It has also been found in beef, mackerel, sardines, nuts, shellfish, broccoli, dark leafy greens, pork and chicken.

Riboflavin is known as vitamin B2 and, like the other B vitamins, plays a role in energy production and is involved in many other functions such as eye, skin and digestive health.

Foods rich in riboflavin include organ meats, lean meats, eggs, milk, cheese, leafy vegetables, almonds, mushrooms, legumes and fortified grains and cereals.

Vitamin D can be obtained from sun exposure, oily fish such as salmon, and supplements.

In addition to being essential for bone and mental health, vitamin D is involved in the reduction of inflammation, neuromuscular and immune function and modulation of cell growth.

Dr Suzanne Hagler, the lead author of this study, said:

“Further studies are needed to elucidate whether vitamin supplementation is effective in migraine patients in general, and whether patients with mild deficiency are more likely to benefit from supplementation.”

The study was presented on June 10, 2016 at the 58th Annual Scientific Meeting of the American Headache Society in San Diego.

23RD JUNE 2016     MINA DEAN


Why CoQ10 Is A Super Powerful Antioxidant: A Cardiologist Explains


Let’s go back to 1981, Ann Arbor, Michigan. I am sitting in a large auditorium in the medical school basement trying to stay awake. The room is warm and there is no ventilation. The lecturer is reviewing the pathways by which the body, and parts of cells, called mitochondria, make energy. I hear Krebs Cycle and electron chain transport and almost doze. ATP, ADP, phosphorylation and then CoQ10 (short for CoenzymeQ 10). A few weeks, there was an exam and I moved on to clinical rotations.

All that biochemistry faded into distant memory for about 25 years.

Fast forward to 2006, and I am browsing the Internet, reading about ways to treat a patient’s advanced congestive heart failure and…..deja vu. A cardiologist was writing about boosting ATP production by using targeted vitamins that made mitochondria run more efficiently.

I read several papers, then a book, and then began recommending CoQ10 routinely for my patients. The response was overwhelmingly positive with better energy, better breathing, and fewer visits to the hospital.

What CoQ10 do?

COQ10 is made by the human body and may be the most abundant antioxidant in cells producing energy like the heart and brain. In fact, CoQ10 is concentrated right in the mitochondria to counter the free oxygen radicals (rust) produced during energy production.

CoQ10 is also used in the production of energy (ATP) itself and all cells would stop working if we had none. When we reach about age 40 the production of CoQ10 throughout the body begins to fall. In disease states like congestive heart failure, it may fall even further.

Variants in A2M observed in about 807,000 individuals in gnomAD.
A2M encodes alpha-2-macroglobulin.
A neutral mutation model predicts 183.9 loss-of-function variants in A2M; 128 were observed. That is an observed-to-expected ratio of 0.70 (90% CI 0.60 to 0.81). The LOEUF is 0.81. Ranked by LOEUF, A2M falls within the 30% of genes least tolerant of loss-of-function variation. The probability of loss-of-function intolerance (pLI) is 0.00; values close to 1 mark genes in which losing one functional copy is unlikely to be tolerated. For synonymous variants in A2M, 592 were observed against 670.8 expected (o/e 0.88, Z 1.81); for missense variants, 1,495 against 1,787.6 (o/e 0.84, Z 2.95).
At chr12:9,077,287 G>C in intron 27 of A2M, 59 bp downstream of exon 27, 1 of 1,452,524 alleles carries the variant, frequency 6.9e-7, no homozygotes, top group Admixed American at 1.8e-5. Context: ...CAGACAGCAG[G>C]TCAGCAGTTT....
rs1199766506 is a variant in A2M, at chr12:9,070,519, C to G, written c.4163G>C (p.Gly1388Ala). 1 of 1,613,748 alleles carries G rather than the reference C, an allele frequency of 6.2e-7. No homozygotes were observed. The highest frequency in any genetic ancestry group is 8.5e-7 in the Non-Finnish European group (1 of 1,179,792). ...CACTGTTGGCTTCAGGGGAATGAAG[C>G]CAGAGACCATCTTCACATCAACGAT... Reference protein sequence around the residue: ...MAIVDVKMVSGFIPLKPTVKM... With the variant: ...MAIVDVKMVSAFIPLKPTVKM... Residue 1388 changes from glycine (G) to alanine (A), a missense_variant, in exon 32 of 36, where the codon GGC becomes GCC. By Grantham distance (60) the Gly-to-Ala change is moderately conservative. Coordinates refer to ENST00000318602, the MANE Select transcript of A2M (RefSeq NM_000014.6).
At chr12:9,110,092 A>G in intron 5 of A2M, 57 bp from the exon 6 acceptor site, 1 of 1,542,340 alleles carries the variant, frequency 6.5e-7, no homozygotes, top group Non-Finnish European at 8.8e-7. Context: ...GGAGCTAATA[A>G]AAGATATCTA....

How can you boost levels of CoQ10?

Levels can be boosted by eating foods rich in CoQ10, such as whole grains, fish, and organ meats (liver, heart, kidney). CoQ10 is also widely available as a supplement and taking extra CoQ10 boosts blood and tissue levels.


Can you use CoQ10 to manage medical issues?

The Mayo Clinic listed 35 illness where studies have been done with some support for CoQ10. Let’s look at a few.

1. Congestive Heart Failure.

This serious weakening of the heart effects the quality and quantity of life for many people. Since 2006, I have seen many of my patients show improved heart function by adding CoQ10. Recently a major scientific presentation reported on 420 patients with congestive heart failure who got CoQ10 or placebo. After two years, 25% of the patients on placebo had an event but only 14% in those on CoQ10. Even more impressive, 17% of patients died in the placebo group versus 9% in the CoQ10 arm. Not bad for a vitamin you can buy at your grocery store!

2. Heart disease prevention.

Researchers in Sweden reported last year on over 400 healthy persons over age 70 who were given CoQ10 and another nutrient selenium or matching placebo pills. The vitamin group had half the cardiac death rate in five years of follow up and better heart function compared to the “sugar pills.”

3. Hypertension.

Elevated blood pressure affects tens of millions of persons and may have genetic and lifestyle abnormalities at its root cause. A group called the Cochrane Database Review looked at studies of CoQ10 for hypertension and found an average 11 mmHg BP drop, similar to many prescription medications.

4. Parkinson’s Disease (PD).

This common progressive neurologic disorder is associated with increased production of oxygen radicals (rust). A recent study found that a deficiency in the antioxidant CoQ10 was 4 times as likely among people with Parkinson’s Disease compared to the general population. A review examined studies of using CoQ10 supplements in this disorder and found that improvements in quality of life were seen in patients with PD.

5. Gum disease.

Inflammation of the gums is called periodontal disease and may trigger inflammation that effects the whole body, including blood vessels and the heart. CoQ10 may be deficient in gum disease but boosting levels in the gums by taking supplements or applying CoQ10 topically can be an effective approach and research studies show faster healing.

Practitioners of yoga know that prana, or a life force, enters the body through breath and is sent to every cell by the circulatory system. Thirty years later, I now see that a connection between that hot lecture hall in Ann Arbor and the hot yoga room where I practice today exists.

Energy in your life is crucial and CoQ10 maybe serve as a part of a program to boost your vitality.